Numerical Simulations of the Flow Field of a Submerged Hydraulic Jump over Triangular Macroroughnesses
Abstract
:1. Introduction
2. Submerged Hydraulic Jump
3. Materials and Methods
3.1. Input Parameters for Numerical Models
3.2. Experimental Model
3.3. CFD Analysis
3.4. Turbulence Model
3.5. Boundary Conditions in the Computational Domain
3.6. Computational Grid and Grid Convergence Analysis
4. Results and Discussions
4.1. Validity of the Numerical Model Results
4.2. Longitudinal Profile of Streamlines
4.3. Velocity Profiles
4.4. Bed Shear Stress
4.5. Turbulent Kinetic Energy (TKE) and Energy Loss
5. Conclusions
 The flow patterns in the triangular macroroughnesses in the developed and developing regions are the same with smaller areas in comparison with the smooth bed in submerged hydraulic jump conditions. The triangular macroroughnesses lead to the formation of another clockwise eddy flow in the cavity region between the macroroughnesses.
 For distances equal to T/I = 1, 0.5 and 0.33, the velocity vector distribution displays a clockwise eddy in the cavity region, where the magnitude of velocity is much smaller than the mean flow velocity. Increasing the distance between triangular macroroughnesses (T/I = 0.25 and 0.2), two eddies of different sizes are formed in the cavity region.
 When the distance between the triangular macroroughnesses is long enough, the velocity distribution has recovered by the time that the flow arrives at the next roughness. However, in the short distance, the flow arrives at the next roughness without adequate recovery of the velocity distribution. Hence, with decreasing distance between macroroughnesses, the rate of increase in the frictional coefficient decreases.
 In the triangular macroroughnesses, the maximum velocity at a specified section in the submerged jump leads to higher values than the free jump. In addition, for both types of bed (smooth and rough) in the submerged jump, the maximum velocity distance from the bed is decreased due to increasing depth and eddy flow. In the submerged jump, the boundary layer thickness is less than the free jump.
 The turbulence region on the smooth bed is created with the distance from the gate and occurs near free surface roller area, whereas on the macroroughnesses, the turbulence begins near a gate with greater intensity and limited sweep region that is the result of a counterclockwise circulating in free surface roller and clockwise eddy flow in the space between the macroroughnesses.
 The bed shear stress coefficient and energy loss of the submerged jump on the triangular macroroughnesses is larger than that found on the smooth bed that increased with the increase in inlet Froude numbers. The highest and lowest bed shear stress coefficient and energy loss occur in T/I = 0.50 and 0.20 with the increasing distance of roughness elements compared to a smooth bed.
 The reduction in the length of the jump and the submerged and tailwater depths given by the presence of triangular macroroughnesses with nearroughness elements can be used in the design of stilling basins with a resulting decrease in their size, i.e., length and height.
Author Contributions
Funding
Institutional Review Board Statement
Informed Consent Statement
Data Availability Statement
Conflicts of Interest
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Reference  Shape BedChannel Type Jump Type  Channel Dimension (m)  Roughness (mm)  Fr_{1}  Investigated Flow Properties 

Ead and Rajaratnam [10]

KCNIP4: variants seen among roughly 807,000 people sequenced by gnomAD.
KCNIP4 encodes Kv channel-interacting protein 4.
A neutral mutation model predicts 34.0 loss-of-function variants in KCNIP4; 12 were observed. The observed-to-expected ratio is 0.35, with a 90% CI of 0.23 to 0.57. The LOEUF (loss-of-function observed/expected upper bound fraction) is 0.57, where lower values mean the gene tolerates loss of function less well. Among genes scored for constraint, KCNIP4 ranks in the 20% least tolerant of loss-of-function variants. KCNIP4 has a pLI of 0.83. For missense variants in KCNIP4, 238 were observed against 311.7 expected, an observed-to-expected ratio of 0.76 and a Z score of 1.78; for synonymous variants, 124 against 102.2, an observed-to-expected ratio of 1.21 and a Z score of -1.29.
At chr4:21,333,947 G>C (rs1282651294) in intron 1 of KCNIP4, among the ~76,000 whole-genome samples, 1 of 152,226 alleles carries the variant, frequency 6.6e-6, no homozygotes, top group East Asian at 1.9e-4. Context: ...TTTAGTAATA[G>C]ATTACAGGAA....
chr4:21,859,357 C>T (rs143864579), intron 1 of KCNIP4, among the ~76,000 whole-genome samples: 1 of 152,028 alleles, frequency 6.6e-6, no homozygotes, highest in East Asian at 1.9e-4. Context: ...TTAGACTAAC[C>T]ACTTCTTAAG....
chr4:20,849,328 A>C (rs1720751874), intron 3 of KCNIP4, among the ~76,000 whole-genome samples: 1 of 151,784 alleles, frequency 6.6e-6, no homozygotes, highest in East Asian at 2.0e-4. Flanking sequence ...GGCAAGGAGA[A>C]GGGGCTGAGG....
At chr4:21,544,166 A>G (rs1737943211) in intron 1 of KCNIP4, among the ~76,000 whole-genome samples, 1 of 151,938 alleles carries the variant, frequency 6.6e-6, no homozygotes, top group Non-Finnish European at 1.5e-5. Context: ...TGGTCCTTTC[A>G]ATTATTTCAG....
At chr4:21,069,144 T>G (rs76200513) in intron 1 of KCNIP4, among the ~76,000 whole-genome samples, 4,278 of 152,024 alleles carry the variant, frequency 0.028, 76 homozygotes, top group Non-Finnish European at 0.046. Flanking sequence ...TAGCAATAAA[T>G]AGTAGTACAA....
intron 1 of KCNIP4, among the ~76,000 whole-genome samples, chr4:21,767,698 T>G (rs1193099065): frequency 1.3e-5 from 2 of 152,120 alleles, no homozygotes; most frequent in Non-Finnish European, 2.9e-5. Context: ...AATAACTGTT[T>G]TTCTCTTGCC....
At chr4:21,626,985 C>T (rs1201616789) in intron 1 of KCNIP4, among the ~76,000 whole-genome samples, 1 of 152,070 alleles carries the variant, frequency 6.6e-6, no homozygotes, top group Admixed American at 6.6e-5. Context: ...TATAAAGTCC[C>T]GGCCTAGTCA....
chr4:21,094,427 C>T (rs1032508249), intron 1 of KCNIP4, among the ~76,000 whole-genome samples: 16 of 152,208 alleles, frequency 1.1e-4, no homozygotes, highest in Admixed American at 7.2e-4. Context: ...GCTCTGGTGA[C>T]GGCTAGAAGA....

CL^{1} = 7.60 CW^{2} = 0.44 CH^{3} = 0.60 
 4–10 

Tokyay et al. [11] 
 CL = 10.50 CW = 0.253 CH = 0.432 
 5–12 

Izadjoo and ShafaiBejestan [14] 
 CL = 1.2, 9 CW = 0.25, 0.50 CH = 0.40  Baffle with trapezoidal cross section (RH: 13 and 26)  6–12 

Abbaspour et al. [12] 
 CL = 10 CW = 0.25 CH = 0.50 
 3.80–8.60 

ShafaiBejestan and Neisi [13] 
 CL = 7.50 CW = 0.35 CH = 0.50  Lozenge bed  4.50–12 

Elsebaie and Shabayek [18] 
 CL = 9 CW = 0.295 CH = 0.32 
 50 

SamadiBoroujeni et al. [19] 
 CL = 12 CW = 0.40 CH = 0.40 
 6.10–13.10 

Ahmed et al. [20] 
 CL = 24.50 CW = 0.75 CH = 0.70 
 1.68–9.29 

Nikmehr and Aminpour [15] 
 CL = 12 CW = 0.25 CH = 0.50 
 5.01–13.70 

Ghaderi et al. [17] 
 CL = 4.50 CW = 0.75 CH = 0.70 
 1.70–9.30 

Present study  Rectangular channel Smooth and rough beds Submerged jump  CL = 4.50 CW = 0.75 CH = 0.70 
 1.70–9.30 

Bed Type  Q (l/s)  I (cm)  T (cm)  d (cm)  y_{1} (cm)  y_{4} (cm)  Fr_{1}= u_{1}/(gy_{1})^{0.5}  S  Re_{1}= (u_{1}y_{1})/υ 

Smooth  30, 45      5  1.62–3.83  9.64–32.10  1.7–9.3  0.26–0.50  39,884–59,825 
Triangular macroroughnesses  30, 45  4, 8, 12, 16, 20  4  5  1.62–3.84  6.82–30.08  1.7–9.3  0.21–0.44  39,884–59,825 
Models  Bed Type  Q (l/s)  d (cm)  y_{1} (cm)  u_{1} (m/s)  Fr_{1} 

Numerical and Physical  Smooth  45  5  1.62–3.83  1.04–3.70  1.7–9.3 
T/I = 0.5  45  5  1.61–3.83  1.05–3.71  1.7–9.3  
T/I = 0.25  45  5  1.60–3.84  1.04–3.71  1.7–9.3 
Mesh  Nested Block Cell Size (cm)  Containing Block Cell Size (cm) 

1  0.55  1.10 
2  0.65  1.30 
3  0.85  1.70 
Parameters  Amounts 

f_{s}_{1} ()  7.15 
f_{s}_{2} ()  6.88 
f_{s}_{3} ()  6.19 
K ()  5.61 
E_{32} (%)  10.02 
E_{21} (%)  3.77 
GCI_{21} (%)  3.03 
GCI_{32} (%)  3.57 
GCI_{32}/r^{p} GCI_{21}  0.98 
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Ghaderi, A.; Dasineh, M.; Aristodemo, F.; Aricò, C. Numerical Simulations of the Flow Field of a Submerged Hydraulic Jump over Triangular Macroroughnesses. Water 2021, 13, 674. https://doi.org/10.3390/w13050674
Ghaderi A, Dasineh M, Aristodemo F, Aricò C. Numerical Simulations of the Flow Field of a Submerged Hydraulic Jump over Triangular Macroroughnesses. Water. 2021; 13(5):674. https://doi.org/10.3390/w13050674
Chicago/Turabian StyleGhaderi, Amir, Mehdi Dasineh, Francesco Aristodemo, and Costanza Aricò. 2021. "Numerical Simulations of the Flow Field of a Submerged Hydraulic Jump over Triangular Macroroughnesses" Water 13, no. 5: 674. https://doi.org/10.3390/w13050674